We Wish You A Merry Christmas Piano Music
This hugely popular Christmas song is a fantastic piece to learn to play on the piano as it is great fun to gather round a piano to sing with friends and family at Christmas time. The lyrics are joyful and uplifting, whilst the references to “bring us some figgy pudding” and “we won’t go until we’ve got some” always give rise to some rather raucous and entertaining renditions! I am sure that you will enjoy learning these We Wish You A Merry Christmas piano versions.
Have a look/listen to the video below of the advanced version and then choose between Easy, Intermediate or Advanced versions to download the sheet music and learn:
We Wish You A Merry Christmas Easy Piano
I have arranged both simpler versions (easy and intermediate) in the key of G major (one sharp – F sharp).
This is quite a simple key signature to play in on the piano and is also a comfortable key for people to sing along.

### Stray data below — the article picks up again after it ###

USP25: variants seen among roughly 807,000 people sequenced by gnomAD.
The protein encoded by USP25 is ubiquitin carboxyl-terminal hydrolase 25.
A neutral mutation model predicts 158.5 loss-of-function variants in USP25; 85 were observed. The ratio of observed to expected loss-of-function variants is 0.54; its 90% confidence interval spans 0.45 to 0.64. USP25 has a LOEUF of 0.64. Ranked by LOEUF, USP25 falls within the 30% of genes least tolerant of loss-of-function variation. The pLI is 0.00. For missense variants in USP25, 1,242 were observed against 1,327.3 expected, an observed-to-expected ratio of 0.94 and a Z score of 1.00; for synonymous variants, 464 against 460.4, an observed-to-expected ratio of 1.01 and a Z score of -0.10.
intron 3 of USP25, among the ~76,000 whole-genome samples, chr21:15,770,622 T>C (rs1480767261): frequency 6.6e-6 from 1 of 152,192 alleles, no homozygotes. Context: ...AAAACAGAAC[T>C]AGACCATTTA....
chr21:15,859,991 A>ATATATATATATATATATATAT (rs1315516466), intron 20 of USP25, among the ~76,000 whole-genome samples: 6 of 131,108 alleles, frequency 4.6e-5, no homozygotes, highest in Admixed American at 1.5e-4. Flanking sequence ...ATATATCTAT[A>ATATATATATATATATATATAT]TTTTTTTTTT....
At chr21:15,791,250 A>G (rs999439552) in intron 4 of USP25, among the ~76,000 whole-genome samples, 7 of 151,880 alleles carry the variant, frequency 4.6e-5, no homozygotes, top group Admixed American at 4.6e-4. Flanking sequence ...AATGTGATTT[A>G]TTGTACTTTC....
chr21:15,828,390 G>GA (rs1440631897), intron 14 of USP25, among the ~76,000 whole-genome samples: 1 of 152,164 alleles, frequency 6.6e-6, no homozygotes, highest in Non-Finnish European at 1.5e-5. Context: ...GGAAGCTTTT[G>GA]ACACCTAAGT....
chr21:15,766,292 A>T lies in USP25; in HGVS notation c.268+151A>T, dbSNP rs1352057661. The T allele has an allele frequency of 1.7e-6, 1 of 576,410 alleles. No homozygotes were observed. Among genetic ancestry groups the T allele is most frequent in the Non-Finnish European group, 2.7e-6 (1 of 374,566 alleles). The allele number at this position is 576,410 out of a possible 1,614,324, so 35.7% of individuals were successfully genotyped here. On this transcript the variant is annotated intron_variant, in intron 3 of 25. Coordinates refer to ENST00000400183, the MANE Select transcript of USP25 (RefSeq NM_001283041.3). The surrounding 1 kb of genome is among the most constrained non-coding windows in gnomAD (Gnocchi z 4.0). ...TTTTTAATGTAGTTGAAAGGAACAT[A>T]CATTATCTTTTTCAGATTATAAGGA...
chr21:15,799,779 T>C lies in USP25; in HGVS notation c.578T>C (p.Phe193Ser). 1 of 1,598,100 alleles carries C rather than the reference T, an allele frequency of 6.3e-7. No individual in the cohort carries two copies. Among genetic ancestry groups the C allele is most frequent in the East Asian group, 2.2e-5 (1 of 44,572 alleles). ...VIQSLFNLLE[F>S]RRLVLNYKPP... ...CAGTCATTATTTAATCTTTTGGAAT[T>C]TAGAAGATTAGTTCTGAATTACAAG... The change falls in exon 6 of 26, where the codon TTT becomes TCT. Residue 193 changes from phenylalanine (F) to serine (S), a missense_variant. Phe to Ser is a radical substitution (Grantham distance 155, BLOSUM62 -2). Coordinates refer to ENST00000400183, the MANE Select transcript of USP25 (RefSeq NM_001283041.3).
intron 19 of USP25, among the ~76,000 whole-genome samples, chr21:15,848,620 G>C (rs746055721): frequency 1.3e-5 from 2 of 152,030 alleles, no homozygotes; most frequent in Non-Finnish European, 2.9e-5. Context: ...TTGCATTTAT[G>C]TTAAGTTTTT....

The most challenging aspect of this song from a piano playing point of view is the fact that its tempo is fast (allegro) and the melody is based on some quick leaps and scales.
The opening 8 bars will certainly benefit from slow practice in the right hand to be able to master the fingering.
Only speed up the tempo when you are confident that you can play the tune fluently.
In the intermediate piano arrangement I have increased the movement of the bassline.
This adds a bit more interest and rhythm to the piece. Watch out for some of the accidentals!
Also, I have added some extra notes in the right hand in the second section of the piece so that the performer has to play more than one note at once. This is a fairly advanced technique and so will require some practice to accomplish.
The piano playing techniques developed in these arrangements are:
- Fast playing
- Moving bassline
- Playing multiple notes in the right hand
We Wish You a Merry Christmas – Advanced Piano
This advanced version is taken from my piano album “10 Christmas Carols“ and is a development of the theme.
The key of B flat major will give more of a challenge.
Techniques include the use of double octaves in the right hand and spread chords in the left hand.